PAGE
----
News.Dec 02, 2022

A brief history of soil and water

Soil is where food begins, but only if there is water. This World Soil Day, we reflect on the research and expertise that shows how water stored in soil could hold the key to food security.

Soil has been in SIWI’s DNA from the very start

Long term SIWI scientific advisor, and water pioneer, Prof. Malin Falkenmark’s greatest work focused on the water we can’t see: water in soil. Her research has led to several SIWI projects including TIARA, which focuses on rainfed water management as a way of protecting food security in increasingly drier regions.

What is green water?

Green water is a concept developed by Malin Falkenmark to address the urgent need for agriculture to undergo a major shift in its thinking on water. Green water is infiltrated rainfall water that is stored in the upper layers of the soil and available to plant roots. It is of special importance in Africa, which is the world’s driest continent and where 95 per cent of the food production relies on small-scale rainfed agriculture.

An untapped potential for investors

Prof. Johan Rockström is one of many researchers who have built on Falkenmark’s concept of green water. When speaking in this video on how green water has missed out on innovation and financing he says: “Now is the time to put the big investments where the bulk of the water is, and where the enormous untapped potential is, which is innovations in green water”.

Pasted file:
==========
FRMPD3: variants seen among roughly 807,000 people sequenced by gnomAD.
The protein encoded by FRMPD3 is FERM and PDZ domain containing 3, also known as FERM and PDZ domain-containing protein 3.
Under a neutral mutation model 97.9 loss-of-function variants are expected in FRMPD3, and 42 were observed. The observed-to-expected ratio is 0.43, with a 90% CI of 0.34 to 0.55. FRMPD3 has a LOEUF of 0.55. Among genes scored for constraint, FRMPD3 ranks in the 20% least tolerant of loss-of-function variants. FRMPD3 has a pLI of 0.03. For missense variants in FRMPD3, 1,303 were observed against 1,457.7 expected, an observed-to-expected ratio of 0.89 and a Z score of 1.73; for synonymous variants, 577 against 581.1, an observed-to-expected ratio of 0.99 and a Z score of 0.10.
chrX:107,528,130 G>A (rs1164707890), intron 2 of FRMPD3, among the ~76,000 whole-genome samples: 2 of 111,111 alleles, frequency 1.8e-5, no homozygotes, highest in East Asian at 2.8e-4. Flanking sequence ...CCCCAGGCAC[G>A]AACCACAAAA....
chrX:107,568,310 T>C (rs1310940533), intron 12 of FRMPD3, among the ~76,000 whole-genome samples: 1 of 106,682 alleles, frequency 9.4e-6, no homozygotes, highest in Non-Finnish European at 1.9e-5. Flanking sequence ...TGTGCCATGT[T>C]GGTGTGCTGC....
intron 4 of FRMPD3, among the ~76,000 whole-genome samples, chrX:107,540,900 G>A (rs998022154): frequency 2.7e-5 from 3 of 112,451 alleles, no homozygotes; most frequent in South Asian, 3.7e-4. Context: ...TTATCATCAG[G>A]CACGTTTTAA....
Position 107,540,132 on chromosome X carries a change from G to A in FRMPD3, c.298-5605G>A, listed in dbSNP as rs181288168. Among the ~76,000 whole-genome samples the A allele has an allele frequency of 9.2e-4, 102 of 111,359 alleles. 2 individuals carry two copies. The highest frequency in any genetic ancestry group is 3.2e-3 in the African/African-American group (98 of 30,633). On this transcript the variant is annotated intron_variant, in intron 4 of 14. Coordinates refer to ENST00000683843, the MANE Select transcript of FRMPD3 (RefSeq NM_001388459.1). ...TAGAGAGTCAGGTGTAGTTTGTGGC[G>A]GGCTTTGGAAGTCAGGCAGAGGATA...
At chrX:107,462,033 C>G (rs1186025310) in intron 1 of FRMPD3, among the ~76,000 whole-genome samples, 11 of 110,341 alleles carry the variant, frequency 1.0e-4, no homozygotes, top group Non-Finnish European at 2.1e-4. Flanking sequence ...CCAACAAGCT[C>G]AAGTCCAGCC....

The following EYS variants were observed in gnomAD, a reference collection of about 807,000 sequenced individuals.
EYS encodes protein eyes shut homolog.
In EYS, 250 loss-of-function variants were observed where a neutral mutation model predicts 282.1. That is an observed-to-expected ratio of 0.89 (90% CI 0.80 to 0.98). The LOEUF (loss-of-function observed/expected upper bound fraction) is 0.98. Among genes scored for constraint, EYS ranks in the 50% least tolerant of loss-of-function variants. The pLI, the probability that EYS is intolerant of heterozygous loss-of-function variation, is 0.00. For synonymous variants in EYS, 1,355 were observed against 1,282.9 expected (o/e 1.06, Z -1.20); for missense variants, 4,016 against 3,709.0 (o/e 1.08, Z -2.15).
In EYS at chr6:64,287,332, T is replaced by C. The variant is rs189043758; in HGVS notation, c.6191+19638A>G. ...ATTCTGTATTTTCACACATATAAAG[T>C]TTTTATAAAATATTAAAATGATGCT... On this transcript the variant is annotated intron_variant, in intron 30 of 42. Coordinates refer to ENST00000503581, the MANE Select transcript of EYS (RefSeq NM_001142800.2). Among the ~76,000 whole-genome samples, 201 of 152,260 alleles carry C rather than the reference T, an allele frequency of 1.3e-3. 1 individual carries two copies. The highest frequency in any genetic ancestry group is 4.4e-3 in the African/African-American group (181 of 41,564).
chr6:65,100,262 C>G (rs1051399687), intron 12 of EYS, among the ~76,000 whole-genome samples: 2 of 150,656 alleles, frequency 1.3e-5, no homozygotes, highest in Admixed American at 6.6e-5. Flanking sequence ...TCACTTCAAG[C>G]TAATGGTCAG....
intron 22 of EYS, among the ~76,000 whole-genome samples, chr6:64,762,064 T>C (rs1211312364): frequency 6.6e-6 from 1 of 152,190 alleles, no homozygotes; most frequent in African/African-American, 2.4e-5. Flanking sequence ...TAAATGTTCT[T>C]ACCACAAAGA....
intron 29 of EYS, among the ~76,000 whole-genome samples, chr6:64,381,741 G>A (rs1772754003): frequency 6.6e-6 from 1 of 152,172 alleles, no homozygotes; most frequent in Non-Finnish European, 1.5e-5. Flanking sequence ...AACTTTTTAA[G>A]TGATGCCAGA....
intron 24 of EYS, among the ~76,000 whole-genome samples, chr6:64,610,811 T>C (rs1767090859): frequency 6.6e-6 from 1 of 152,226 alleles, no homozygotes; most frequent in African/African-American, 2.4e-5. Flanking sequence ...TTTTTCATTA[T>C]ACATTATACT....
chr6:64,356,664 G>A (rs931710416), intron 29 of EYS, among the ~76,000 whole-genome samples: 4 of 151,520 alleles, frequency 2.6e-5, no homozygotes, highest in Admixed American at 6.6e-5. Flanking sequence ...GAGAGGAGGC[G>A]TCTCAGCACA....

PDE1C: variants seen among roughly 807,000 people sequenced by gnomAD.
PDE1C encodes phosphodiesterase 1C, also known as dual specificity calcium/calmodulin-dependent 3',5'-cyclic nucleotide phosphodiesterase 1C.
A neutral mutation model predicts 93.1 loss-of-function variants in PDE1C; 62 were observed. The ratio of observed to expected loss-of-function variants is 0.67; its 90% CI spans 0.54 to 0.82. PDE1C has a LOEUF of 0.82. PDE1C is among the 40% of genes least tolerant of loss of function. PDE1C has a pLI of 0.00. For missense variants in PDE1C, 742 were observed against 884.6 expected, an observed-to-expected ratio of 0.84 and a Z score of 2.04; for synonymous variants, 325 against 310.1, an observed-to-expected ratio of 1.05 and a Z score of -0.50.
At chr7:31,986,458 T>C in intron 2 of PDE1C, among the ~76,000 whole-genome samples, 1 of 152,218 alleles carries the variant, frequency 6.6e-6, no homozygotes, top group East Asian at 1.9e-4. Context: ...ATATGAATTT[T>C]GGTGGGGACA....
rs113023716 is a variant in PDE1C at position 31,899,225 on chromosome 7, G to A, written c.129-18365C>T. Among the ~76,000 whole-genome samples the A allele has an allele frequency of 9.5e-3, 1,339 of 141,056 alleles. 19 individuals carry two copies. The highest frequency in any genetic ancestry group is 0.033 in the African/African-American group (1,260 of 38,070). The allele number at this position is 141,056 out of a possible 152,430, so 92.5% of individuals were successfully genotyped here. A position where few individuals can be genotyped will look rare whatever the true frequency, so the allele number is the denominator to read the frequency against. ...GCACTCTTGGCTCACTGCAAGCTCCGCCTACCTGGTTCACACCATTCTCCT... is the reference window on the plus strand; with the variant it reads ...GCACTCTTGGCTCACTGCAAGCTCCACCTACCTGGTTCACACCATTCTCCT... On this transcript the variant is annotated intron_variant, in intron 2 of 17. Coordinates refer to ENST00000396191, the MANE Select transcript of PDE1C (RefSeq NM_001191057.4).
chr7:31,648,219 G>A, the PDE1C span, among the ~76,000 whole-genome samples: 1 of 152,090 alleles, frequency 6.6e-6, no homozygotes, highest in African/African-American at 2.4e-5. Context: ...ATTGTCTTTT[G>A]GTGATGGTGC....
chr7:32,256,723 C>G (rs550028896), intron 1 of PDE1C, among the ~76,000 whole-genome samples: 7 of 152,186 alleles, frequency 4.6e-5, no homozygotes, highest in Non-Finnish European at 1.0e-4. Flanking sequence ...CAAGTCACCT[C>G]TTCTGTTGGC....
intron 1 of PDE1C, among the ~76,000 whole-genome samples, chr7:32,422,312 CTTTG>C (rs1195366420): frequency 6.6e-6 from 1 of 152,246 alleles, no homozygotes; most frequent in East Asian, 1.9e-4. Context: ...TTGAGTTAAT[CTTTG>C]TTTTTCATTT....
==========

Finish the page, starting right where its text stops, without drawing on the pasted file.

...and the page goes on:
Farmer’s are frontline water managers, yet as Rockström points out: for too long they have been left unaided in their attempts to maintain and increase yield as water scarcity worsens. This is no clearer than in the case of Africa, where 95% of investment in agriculture is given to irrigation based farming and its technologies, in spite of the fact that 95% of food production in the region is rainfed. SIWI’s TIARA project brings together the science of green water i.e. water trapped in the soil, with an in-depth understanding of the context and environment, to trigger investments into this sector.

“More nutrition per drop”

Healthy soil, provided there is water, grows nutritious food. SIWI advisor on water and food, Prof. Jan Lundqvist has emphasized on numerous occasions the importance of growing not more food per drop of water used, but “more nutrition per drop”. As water scarcity increases, food security is threatened making it more important than ever that we are able to grow as nutritious food as possible using as little water as possible.

The health of soil, and its capacity to store water, is impacted by several factors including upstream activity which can cause pollution, as well as poor forest management causing soil to break apart and in the worst case: become sediment and flow away. The SIWI led Source-to-Sea platform works to highlight such linkages, while SIWI’s Landscapes team works to ensure forest and landscape management is carried out in a sustainable way which protects soil and biodiversity as well as the water cycle.